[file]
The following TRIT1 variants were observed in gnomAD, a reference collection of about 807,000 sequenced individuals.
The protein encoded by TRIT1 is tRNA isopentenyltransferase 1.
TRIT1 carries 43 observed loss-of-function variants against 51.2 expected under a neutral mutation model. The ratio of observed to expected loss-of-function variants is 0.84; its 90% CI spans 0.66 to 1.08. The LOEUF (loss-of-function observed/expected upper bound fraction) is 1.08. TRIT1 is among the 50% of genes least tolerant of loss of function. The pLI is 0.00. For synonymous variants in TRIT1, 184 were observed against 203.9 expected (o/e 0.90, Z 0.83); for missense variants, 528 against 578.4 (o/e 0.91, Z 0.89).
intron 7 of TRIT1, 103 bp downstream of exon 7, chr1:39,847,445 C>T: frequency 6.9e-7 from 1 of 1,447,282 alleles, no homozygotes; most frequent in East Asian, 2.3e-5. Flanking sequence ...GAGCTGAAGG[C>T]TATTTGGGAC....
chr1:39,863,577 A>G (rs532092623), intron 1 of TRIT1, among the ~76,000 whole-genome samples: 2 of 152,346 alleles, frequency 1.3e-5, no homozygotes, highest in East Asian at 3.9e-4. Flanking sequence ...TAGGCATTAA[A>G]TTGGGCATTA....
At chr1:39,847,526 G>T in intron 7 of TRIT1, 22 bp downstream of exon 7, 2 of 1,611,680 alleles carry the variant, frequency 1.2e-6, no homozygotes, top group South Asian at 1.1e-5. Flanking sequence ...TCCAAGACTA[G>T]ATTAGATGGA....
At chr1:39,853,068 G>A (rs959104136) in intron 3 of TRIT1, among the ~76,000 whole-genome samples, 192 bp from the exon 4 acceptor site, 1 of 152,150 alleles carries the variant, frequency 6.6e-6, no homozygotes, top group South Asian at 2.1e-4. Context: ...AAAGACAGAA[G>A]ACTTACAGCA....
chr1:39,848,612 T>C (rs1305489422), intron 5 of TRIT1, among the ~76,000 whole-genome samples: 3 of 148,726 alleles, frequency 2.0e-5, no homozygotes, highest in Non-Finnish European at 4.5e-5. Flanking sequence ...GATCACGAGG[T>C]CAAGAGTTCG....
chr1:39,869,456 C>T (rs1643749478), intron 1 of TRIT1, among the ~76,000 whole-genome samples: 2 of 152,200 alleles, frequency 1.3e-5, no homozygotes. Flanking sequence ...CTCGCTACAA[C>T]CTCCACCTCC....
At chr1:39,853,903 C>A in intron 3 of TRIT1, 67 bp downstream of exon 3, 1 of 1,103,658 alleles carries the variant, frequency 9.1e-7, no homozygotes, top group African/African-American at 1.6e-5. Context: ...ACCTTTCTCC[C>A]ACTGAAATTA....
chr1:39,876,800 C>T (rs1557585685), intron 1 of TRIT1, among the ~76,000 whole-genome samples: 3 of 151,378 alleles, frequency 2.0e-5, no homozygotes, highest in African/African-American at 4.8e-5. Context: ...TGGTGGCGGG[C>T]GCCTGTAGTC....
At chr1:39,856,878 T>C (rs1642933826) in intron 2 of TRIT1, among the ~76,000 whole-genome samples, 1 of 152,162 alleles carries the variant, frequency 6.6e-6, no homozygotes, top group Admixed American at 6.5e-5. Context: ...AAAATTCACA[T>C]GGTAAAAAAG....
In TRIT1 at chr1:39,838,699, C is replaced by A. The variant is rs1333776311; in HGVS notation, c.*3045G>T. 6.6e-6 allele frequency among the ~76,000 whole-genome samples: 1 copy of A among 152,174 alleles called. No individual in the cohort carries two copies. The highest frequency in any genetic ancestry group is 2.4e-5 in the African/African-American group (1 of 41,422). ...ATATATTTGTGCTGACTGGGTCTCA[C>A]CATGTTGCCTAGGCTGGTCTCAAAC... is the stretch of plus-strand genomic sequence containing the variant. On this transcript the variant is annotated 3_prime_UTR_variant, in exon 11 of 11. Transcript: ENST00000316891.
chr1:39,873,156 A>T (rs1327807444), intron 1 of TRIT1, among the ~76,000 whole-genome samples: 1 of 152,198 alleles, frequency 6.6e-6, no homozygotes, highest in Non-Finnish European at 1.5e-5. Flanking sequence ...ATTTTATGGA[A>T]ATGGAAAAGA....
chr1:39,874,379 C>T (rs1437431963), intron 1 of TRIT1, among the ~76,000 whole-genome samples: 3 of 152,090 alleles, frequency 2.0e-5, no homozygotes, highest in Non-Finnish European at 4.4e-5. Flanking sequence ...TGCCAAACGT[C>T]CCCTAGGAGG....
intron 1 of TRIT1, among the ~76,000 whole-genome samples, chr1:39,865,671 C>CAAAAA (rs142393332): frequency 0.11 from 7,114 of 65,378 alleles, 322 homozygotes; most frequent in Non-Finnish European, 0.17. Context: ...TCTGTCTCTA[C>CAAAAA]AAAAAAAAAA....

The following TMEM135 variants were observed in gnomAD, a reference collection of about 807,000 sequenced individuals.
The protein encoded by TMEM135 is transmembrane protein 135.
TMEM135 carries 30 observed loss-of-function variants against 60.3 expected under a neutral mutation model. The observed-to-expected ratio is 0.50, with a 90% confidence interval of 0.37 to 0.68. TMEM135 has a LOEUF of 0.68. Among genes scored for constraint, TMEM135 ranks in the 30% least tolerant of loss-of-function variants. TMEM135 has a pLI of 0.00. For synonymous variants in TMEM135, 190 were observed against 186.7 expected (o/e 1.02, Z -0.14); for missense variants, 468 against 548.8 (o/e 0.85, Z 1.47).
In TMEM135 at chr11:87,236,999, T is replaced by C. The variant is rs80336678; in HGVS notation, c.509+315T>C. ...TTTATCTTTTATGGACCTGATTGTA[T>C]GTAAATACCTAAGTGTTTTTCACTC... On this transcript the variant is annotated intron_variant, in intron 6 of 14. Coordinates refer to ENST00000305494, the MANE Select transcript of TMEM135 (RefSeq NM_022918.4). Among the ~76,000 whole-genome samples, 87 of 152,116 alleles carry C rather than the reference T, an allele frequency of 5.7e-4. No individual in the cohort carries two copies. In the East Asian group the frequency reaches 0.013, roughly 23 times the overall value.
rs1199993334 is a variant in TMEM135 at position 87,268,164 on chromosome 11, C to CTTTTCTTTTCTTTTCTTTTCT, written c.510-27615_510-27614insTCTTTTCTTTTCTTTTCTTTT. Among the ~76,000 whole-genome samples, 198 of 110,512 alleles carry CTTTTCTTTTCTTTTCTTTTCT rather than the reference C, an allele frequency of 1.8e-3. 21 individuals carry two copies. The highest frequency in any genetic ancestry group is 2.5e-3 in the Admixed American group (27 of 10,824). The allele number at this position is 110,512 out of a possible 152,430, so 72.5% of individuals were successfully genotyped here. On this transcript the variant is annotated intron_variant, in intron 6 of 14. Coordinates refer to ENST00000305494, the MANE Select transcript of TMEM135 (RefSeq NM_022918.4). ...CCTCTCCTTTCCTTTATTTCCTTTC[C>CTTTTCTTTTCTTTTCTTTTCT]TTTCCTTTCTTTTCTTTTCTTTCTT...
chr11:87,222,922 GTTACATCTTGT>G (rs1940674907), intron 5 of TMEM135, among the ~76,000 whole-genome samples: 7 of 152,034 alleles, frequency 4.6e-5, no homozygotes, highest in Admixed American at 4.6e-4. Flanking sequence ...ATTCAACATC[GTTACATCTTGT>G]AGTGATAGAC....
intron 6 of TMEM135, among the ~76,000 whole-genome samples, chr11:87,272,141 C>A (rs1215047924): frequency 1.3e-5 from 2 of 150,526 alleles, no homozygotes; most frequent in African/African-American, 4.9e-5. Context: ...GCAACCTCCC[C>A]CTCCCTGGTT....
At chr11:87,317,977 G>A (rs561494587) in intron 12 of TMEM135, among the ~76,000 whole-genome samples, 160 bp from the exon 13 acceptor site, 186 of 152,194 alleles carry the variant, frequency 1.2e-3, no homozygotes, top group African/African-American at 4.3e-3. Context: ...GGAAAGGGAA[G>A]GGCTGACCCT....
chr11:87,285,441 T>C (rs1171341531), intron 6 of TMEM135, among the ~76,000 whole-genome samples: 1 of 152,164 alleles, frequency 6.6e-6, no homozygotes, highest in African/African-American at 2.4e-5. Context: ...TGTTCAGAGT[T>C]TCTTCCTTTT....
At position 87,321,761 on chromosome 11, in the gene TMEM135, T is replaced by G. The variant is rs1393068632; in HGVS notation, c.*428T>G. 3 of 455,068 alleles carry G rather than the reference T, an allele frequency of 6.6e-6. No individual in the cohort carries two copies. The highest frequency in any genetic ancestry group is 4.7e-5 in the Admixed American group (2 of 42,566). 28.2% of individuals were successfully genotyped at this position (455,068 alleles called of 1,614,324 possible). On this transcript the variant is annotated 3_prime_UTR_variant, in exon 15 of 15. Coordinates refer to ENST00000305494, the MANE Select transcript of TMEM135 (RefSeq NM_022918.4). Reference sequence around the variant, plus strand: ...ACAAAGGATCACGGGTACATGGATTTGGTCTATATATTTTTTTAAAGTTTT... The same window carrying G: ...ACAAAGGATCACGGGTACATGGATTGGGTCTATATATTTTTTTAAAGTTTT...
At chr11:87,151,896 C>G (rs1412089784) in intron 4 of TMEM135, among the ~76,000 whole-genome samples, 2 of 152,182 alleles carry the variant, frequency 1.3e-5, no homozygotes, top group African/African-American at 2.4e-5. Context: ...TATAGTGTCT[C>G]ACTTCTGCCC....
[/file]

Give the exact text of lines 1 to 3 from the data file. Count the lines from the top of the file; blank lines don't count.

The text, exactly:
The following TRIT1 variants were observed in gnomAD, a reference collection of about 807,000 sequenced individuals.
The protein encoded by TRIT1 is tRNA isopentenyltransferase 1.
TRIT1 carries 43 observed loss-of-function variants against 51.2 expected under a neutral mutation model. The ratio of observed to expected loss-of-function variants is 0.84; its 90% CI spans 0.66 to 1.08. The LOEUF (loss-of-function observed/expected upper bound fraction) is 1.08. TRIT1 is among the 50% of genes least tolerant of loss of function. The pLI is 0.00. For synonymous variants in TRIT1, 184 were observed against 203.9 expected (o/e 0.90, Z 0.83); for missense variants, 528 against 578.4 (o/e 0.91, Z 0.89).